Dan and Anne-Louise from Wokingham said ‘Had a very relaxing stay and really enjoyed Cheltenham’.
My daughter-in-law Sarah brought to my attention an article in yesterday’s The Sunday Times Home section which does both the writer, but more importantly, Cheltenham a disservice. With a certain amount of disenguousness, Eleanor Mills in an article titled ‘It’s Not in the Running’ wrote disparagingly about the town, while ostensibly reviewing a flat in a Georgian house there. She is perfectly entitled to her opinion on the flat, if that is her speciality, but I don’t think she is as well qualified to malign a town as attractive, with superb amenities and facilities as this.
What she doesn’t seem to understand that as a journalist in a well-esteemed national newspaper, she can be extremely influential, and many people who have never been here will read her ill-thought out comments and formulate adverse and uninformed opinion about this Regency spa town in the heart of the Cotswolds. It could actually indirectly damage the tourist trade, important to many businesses, including our own, in these financially straitened times.
Eleanor Mills seems to have aligned the M5 accident near Taunton (over 70 miles away) together with a driving transgression of her own, and a traumatic ride (her mother driving) to Cheltenham General Hospital’s A&E with a broken collarbone when she was a child, with her view of the town. Her deprecating remarks about ‘the ‘Nam’ (we pronounce it Cheltn’h’m, ‘Nam’ being more cognisant of the ’60s Vietnam) include the description ‘these days it’s all TK Maxx and downmarket clothes shops’ and an opinion of ‘a friend’ of hers that Cheltenham’s best feature is ‘out of town .. the glorious hills and golden villages of the Cotswolds..’ (which are undoubtably very attractive), but make me think that Eleanor has hardly been in the town, except to see the flat she reviewed and to ‘cruise the malls’ as she admits.
Even her praise was rather condescending – ‘pretty good schools’ instead of ‘excellent’ (Cheltenham Ladies, Cheltenham College and Dean Close are amongst the top in the country, as well as Pate’s Grammar School and St Edwards). ‘And there’s the racecourse’ – as though it were a cultural benefit, not just a beautifully-located sporting venue – and of course the source of the ‘witty’ title of her opinion piece. Eleanor’s comment on shops I’m afraid indicates either her lack of exploring ability or total lack of knowledge of the town, in which Montpellier, The Promenade and some of the other streets off the, admittedly ruined, high street (close to TK Maxx etc), provide lovely and individual shops as well as a plethora of Georgian and early Victorian houses, squares and terraces. Our next door neighbour runs just one such shop, Feva, on Regent Street, close to the Everyman Theatre, which is an exclusive, fashionable and very successful ladies’ couturier shop, a million miles away from ‘downmarket’!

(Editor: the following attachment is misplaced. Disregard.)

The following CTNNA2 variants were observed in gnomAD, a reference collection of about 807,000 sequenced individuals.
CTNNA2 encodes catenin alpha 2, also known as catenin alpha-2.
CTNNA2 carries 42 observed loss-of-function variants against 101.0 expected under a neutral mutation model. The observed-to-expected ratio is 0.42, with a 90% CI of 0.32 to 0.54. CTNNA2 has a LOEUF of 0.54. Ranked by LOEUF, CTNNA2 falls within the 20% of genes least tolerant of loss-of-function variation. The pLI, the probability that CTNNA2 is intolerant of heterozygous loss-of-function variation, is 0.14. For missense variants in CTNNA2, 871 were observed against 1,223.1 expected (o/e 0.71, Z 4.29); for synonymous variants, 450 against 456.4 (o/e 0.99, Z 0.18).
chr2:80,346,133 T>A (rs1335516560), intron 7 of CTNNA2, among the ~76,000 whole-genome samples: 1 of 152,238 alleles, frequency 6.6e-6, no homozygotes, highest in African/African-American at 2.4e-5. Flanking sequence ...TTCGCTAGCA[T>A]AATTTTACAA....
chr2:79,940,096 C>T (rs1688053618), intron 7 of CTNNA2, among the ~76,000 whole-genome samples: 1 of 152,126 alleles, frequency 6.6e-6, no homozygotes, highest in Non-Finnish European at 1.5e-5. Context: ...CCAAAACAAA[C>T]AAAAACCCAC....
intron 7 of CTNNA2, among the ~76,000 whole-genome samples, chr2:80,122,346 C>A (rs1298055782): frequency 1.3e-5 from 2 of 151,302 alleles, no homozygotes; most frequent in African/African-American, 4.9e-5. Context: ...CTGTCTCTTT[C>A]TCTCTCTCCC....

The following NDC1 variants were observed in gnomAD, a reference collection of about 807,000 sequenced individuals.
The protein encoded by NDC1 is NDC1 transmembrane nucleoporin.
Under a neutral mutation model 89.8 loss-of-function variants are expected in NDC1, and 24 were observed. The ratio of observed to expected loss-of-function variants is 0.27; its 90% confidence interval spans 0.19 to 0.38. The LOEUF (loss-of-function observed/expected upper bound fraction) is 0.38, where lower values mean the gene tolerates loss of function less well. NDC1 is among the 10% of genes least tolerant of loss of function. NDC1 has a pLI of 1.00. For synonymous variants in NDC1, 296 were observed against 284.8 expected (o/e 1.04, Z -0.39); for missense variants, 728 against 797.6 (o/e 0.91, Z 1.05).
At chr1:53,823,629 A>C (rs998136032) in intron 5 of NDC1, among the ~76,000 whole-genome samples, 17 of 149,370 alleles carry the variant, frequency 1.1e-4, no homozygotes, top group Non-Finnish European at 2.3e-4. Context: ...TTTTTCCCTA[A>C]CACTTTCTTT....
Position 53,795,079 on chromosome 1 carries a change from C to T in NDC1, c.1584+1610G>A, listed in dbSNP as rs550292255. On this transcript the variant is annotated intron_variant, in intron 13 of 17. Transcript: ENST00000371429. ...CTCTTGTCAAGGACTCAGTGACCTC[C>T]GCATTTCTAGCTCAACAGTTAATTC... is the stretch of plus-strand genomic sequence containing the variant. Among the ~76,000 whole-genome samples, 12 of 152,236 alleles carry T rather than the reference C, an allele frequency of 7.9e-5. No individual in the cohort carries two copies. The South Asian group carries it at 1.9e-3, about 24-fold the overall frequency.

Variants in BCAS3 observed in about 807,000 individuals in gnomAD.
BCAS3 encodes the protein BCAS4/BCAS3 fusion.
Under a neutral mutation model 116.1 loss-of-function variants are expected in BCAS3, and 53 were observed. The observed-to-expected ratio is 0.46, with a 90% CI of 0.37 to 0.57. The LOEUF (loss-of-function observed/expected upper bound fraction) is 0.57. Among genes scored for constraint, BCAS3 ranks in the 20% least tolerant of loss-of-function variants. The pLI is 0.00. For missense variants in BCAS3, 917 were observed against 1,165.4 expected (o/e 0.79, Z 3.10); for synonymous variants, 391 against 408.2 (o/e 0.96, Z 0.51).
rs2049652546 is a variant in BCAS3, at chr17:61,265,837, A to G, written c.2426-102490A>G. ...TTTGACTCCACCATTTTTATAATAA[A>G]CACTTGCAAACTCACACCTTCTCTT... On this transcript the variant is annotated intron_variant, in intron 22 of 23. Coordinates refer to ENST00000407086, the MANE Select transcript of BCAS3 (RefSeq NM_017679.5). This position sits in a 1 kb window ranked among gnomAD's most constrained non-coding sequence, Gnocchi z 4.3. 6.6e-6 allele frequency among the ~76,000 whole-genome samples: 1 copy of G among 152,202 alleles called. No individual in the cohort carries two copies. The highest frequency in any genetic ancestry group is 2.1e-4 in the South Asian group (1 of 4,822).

Central (apart from the High Street end) Cheltenham, including Pitville, Montpellier and Bayshill areas are exquisite, not the ‘grotty and down at heel’ section that Eleanor clearly frequented. Bookshops abound – a large Waterstones on The Promenade and smaller exclusive shops such as Peter Lyons Books on Imperial Square close by the Town Hall.
To conclude this rebuttal of the criticism, although Cheltenham has, like anywhere else, a few downsides (such as the one-way system and the High Street), its pros far outweigh its cons. I would therefore dare Eleanor to come back for a weekend in the summer, particularly when there’s a festival (Jazz, Music, Science or Green Belt (she’d like that, it’s at the racecourse) or the Literature in the autumn, stay somewhere stylish like Hanover House (www.hanoverhouse.org), dine at Brasserie Blanc, Jamie’s Italian in the old Courthouse, Champignon Sauvage (Michelin 2 Stars), the art deco Daffodil in the Suffolks or Royal Well Tavern, throw in a concert at The Town Hall or a play at the Everyman, browse the shops and wine bars in Montpellier, then write another article. The tone might be somewhat different!